The next day I visited the Archaeological Museum in Thessaloniki and saw the treasures from Derveni, Vergina and Stavrolis (4th century B.C.) and Sindos (6th and 5th centuries B.C.) besides Roman portraiture sculpture from 2nd and 3rd centuries A.D. The Museum also gave me a wonderful introduction to Macedonian tomb architecture of the 4th century B.C., notably from Aghia Paraskevi, Potidaea and the most elaborate example from Lefkadia. Unfortunately the section on Greek sculpture was closed due to staff shortage I was told and I only got to see some 4th century B.C. models from the doorway. I took slides of these for reference. In the basement of the museum there was a wealth of Etruscan ware. Here, amongst others, there was a krater S60, showing a Greek killing a Persian in a composition similar to that of Achilles killing the Queen of the Amazons. 


In Thessaloniki itself of course there was the Arch of Galerius (3rd century A.D.), the Roman Agora and Markets to be seen besides a number of other sites including the many Byzantine churches and sites.

The next day I left for Athens leaving the mice in sole control of the room. The train was of a lovely old well-polished type of wood and metal and probably plastic-covered seating which was called an express. As far as I could see during our journey this meant that the train didn’t stop at all the little towns and villages, it stopped between them. The other notable thing about the journey was the wealth of sites and places one was passing without seeing. However passing and seeing Mount Olympus with Dion nestling at its foot was a thrill.

At 4 p.m. that evening we reached the capital. Athens was superb. The weather was pleasant for excursions and the rich abundance of sites and artefacts gave tremendous satisfaction.

Finding my way round was greatly facilitated by meeting Rev. Prof. Gerry Watson of Maynooth at the Gennadion who introduced me to Prof. George Huxley of the American Library and to Mr. Guy Sanders of the British School. Through the recommendation of Prof.Watson, the kind assistance of Prof. Mitchell at Trinity and the helpfulness of the staff at the British School, I became a member and moved into the School, where I made my base for archaeological excursions for visual documentation in Athens and was delighted to make use of the wonderful, unrestricted library facilities in my chosen research of figures of Aphrodite in the round in Greek sculpture of the 4th century B.C. The Director of the School Sir Hector Catling was most kind with helpful advice, and open in his invitation that I should use the facilities in the future.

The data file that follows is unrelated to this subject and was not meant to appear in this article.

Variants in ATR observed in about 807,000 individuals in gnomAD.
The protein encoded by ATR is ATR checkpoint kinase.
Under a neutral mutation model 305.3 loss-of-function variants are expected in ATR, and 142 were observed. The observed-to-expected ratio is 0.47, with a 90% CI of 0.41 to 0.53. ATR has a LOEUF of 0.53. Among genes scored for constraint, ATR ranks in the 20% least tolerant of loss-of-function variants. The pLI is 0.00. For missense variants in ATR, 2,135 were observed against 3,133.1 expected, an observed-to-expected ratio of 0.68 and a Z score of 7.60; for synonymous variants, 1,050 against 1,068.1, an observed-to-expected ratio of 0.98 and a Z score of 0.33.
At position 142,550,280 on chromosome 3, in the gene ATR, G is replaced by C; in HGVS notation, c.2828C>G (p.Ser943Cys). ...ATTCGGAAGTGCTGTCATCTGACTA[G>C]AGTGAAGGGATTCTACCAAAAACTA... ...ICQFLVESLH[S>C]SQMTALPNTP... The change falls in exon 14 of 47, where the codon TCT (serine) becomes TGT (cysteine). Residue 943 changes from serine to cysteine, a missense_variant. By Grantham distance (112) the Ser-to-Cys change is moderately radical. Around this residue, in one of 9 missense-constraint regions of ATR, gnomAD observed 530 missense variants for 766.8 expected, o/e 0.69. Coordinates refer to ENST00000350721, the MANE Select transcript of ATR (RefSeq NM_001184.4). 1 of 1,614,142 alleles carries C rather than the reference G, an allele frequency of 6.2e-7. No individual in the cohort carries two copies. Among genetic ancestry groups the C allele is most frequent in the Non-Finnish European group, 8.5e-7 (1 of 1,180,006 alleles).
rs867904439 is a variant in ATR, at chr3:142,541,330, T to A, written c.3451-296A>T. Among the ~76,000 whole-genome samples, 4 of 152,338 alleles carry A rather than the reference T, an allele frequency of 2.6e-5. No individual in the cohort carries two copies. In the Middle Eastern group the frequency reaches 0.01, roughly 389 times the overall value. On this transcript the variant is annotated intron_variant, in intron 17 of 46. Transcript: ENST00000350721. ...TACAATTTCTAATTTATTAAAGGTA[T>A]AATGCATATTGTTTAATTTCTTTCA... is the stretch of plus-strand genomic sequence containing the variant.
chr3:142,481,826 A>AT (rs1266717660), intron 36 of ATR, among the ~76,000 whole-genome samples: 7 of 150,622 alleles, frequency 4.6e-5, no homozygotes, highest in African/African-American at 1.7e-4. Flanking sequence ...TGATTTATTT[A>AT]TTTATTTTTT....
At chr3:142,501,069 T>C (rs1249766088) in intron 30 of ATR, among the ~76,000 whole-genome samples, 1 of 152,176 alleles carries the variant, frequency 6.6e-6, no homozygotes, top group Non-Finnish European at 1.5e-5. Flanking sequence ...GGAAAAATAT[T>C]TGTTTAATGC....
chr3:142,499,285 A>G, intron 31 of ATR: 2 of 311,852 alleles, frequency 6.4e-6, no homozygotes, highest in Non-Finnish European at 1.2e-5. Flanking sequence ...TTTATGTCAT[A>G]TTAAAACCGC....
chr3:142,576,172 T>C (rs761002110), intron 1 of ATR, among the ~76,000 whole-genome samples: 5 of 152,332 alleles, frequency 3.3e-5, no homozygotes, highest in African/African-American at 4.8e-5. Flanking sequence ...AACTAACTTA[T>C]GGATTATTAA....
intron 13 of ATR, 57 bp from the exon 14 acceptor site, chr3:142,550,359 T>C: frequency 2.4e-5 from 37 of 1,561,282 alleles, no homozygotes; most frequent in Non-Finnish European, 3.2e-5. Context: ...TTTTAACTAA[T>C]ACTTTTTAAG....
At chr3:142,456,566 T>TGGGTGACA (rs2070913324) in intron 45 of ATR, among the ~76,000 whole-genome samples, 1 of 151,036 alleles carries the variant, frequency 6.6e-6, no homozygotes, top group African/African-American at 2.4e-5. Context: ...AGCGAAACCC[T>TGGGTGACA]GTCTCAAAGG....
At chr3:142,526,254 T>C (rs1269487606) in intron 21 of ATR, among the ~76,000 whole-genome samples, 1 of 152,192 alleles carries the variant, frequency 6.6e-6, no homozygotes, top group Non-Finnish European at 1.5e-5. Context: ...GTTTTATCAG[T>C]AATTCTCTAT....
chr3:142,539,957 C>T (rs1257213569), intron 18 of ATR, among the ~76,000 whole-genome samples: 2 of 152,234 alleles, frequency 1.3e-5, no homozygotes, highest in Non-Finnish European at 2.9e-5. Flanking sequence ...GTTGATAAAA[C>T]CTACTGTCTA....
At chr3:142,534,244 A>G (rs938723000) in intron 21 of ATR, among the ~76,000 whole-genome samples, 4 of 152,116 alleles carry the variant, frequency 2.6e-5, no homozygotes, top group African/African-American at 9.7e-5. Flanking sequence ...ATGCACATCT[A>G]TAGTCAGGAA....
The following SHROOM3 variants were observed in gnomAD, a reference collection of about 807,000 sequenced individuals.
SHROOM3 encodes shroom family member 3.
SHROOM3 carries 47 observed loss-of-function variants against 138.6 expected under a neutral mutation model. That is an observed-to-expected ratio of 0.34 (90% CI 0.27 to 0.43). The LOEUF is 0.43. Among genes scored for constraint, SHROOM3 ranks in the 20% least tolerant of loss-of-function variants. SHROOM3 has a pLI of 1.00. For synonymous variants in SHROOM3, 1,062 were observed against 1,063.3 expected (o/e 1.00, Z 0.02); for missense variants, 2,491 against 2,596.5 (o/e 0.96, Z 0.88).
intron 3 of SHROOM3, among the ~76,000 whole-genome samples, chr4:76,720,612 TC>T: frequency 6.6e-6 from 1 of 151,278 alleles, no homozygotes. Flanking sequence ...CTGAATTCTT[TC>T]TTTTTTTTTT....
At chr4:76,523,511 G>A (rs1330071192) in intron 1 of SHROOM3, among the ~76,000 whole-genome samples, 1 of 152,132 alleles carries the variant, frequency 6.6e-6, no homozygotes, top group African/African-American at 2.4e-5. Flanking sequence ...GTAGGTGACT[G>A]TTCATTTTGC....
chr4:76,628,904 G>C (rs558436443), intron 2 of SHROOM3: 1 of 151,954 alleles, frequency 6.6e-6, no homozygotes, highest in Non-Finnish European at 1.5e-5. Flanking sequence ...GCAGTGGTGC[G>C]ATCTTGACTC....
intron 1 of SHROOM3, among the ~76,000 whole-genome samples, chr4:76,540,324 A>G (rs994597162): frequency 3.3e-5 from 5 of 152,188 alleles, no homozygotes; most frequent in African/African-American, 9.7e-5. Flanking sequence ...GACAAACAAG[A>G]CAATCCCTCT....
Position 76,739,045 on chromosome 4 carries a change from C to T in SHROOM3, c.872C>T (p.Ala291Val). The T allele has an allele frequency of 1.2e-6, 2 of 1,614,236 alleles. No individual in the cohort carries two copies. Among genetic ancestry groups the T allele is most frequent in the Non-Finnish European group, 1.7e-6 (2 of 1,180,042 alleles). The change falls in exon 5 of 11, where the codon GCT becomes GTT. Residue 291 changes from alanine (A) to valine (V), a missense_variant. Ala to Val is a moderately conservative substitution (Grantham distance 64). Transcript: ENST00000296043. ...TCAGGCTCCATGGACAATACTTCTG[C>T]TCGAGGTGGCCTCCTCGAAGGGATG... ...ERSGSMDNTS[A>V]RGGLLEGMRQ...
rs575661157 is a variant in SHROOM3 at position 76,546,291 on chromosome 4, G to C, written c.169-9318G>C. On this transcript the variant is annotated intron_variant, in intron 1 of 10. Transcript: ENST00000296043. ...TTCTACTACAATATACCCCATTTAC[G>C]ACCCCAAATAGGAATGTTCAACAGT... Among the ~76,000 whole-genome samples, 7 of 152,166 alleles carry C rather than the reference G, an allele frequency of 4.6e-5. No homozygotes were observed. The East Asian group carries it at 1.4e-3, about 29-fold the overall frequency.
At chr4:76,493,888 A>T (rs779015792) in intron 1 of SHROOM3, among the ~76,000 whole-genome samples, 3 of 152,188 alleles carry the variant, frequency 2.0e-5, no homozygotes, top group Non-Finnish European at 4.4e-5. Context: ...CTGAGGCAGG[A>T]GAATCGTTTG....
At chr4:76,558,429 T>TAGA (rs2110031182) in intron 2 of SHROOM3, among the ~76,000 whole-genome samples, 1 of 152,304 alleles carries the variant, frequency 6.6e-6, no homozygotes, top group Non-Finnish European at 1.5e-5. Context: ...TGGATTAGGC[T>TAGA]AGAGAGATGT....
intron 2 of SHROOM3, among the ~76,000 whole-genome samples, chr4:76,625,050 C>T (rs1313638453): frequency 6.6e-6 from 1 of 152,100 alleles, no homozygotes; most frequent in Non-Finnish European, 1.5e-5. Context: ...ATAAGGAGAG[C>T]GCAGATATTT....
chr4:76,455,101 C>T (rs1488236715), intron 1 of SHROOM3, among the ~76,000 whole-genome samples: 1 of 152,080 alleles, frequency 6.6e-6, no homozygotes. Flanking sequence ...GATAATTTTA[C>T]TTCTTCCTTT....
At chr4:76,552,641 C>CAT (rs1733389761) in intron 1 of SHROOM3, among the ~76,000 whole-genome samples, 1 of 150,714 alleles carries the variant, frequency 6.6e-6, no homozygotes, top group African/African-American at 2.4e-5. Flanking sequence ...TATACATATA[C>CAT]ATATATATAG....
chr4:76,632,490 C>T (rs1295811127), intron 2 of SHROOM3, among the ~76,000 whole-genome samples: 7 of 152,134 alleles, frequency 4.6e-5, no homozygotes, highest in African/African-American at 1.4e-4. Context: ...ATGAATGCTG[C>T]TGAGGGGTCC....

My trip to Greece was curtailed when I fell on the site at Corinth on the first day of my tour of the Peleponnese, pulling the ligaments in my foot. I did get some more, helpful library work done, but my movement was too restricted for museum or site visits and therefore I returned to Germany for treatment for my foot.

The trip, which was aided by the Stanford Travelling Scholarship, was a worthwhile extension to my study at the Institute of Classical Archaeology in Munich for both library and visual work and I am grateful to Trinity for having given me the opportunity to enjoy the experience of a worthwhile and rewarding visit to Greece.

As a postscript I might add that before I moved into the British School, I stayed at a small, clean, comfortable and very reasonable hotel in Plaka named Hotel Ideal, Odos Eolu & Voreou 2, Athens, Tel. 32 13 195, which I would recommend to any student or visitor.

Dor Walsh, Limerick, Autumn 1988.